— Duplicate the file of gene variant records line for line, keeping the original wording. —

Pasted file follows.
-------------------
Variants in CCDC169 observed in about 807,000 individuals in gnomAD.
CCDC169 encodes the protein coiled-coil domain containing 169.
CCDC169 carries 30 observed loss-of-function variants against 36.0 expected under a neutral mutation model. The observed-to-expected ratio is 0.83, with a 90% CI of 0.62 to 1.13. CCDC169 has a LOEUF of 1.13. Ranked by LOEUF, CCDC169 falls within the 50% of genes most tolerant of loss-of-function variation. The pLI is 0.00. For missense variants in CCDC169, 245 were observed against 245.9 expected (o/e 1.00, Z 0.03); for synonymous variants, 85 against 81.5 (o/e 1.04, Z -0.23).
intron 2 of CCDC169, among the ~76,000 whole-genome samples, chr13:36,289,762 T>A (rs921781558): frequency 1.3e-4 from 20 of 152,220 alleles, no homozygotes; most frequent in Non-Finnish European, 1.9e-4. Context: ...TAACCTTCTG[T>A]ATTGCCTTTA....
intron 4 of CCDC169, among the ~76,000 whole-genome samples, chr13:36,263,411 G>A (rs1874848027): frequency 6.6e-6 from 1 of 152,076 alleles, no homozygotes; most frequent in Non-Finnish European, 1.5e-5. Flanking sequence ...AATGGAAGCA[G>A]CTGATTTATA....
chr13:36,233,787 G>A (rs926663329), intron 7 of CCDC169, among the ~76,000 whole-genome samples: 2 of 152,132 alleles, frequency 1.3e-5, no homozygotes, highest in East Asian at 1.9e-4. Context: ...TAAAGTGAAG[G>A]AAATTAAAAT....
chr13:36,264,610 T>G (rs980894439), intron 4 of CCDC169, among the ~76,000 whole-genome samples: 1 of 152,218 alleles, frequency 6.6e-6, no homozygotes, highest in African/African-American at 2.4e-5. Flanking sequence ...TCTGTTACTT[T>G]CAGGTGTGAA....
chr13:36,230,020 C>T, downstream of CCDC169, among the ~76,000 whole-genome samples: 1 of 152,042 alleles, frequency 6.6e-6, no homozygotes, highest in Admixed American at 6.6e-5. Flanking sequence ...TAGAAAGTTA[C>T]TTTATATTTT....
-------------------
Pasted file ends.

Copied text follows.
Variants in CCDC169 observed in about 807,000 individuals in gnomAD.
CCDC169 encodes the protein coiled-coil domain containing 169.
CCDC169 carries 30 observed loss-of-function variants against 36.0 expected under a neutral mutation model. The observed-to-expected ratio is 0.83, with a 90% CI of 0.62 to 1.13. CCDC169 has a LOEUF of 1.13. Ranked by LOEUF, CCDC169 falls within the 50% of genes most tolerant of loss-of-function variation. The pLI is 0.00. For missense variants in CCDC169, 245 were observed against 245.9 expected (o/e 1.00, Z 0.03); for synonymous variants, 85 against 81.5 (o/e 1.04, Z -0.23).
intron 2 of CCDC169, among the ~76,000 whole-genome samples, chr13:36,289,762 T>A (rs921781558): frequency 1.3e-4 from 20 of 152,220 alleles, no homozygotes; most frequent in Non-Finnish European, 1.9e-4. Context: ...TAACCTTCTG[T>A]ATTGCCTTTA....
intron 4 of CCDC169, among the ~76,000 whole-genome samples, chr13:36,263,411 G>A (rs1874848027): frequency 6.6e-6 from 1 of 152,076 alleles, no homozygotes; most frequent in Non-Finnish European, 1.5e-5. Flanking sequence ...AATGGAAGCA[G>A]CTGATTTATA....
chr13:36,233,787 G>A (rs926663329), intron 7 of CCDC169, among the ~76,000 whole-genome samples: 2 of 152,132 alleles, frequency 1.3e-5, no homozygotes, highest in East Asian at 1.9e-4. Context: ...TAAAGTGAAG[G>A]AAATTAAAAT....
chr13:36,264,610 T>G (rs980894439), intron 4 of CCDC169, among the ~76,000 whole-genome samples: 1 of 152,218 alleles, frequency 6.6e-6, no homozygotes, highest in African/African-American at 2.4e-5. Flanking sequence ...TCTGTTACTT[T>G]CAGGTGTGAA....
chr13:36,230,020 C>T, downstream of CCDC169, among the ~76,000 whole-genome samples: 1 of 152,042 alleles, frequency 6.6e-6, no homozygotes, highest in Admixed American at 6.6e-5. Flanking sequence ...TAGAAAGTTA[C>T]TTTATATTTT....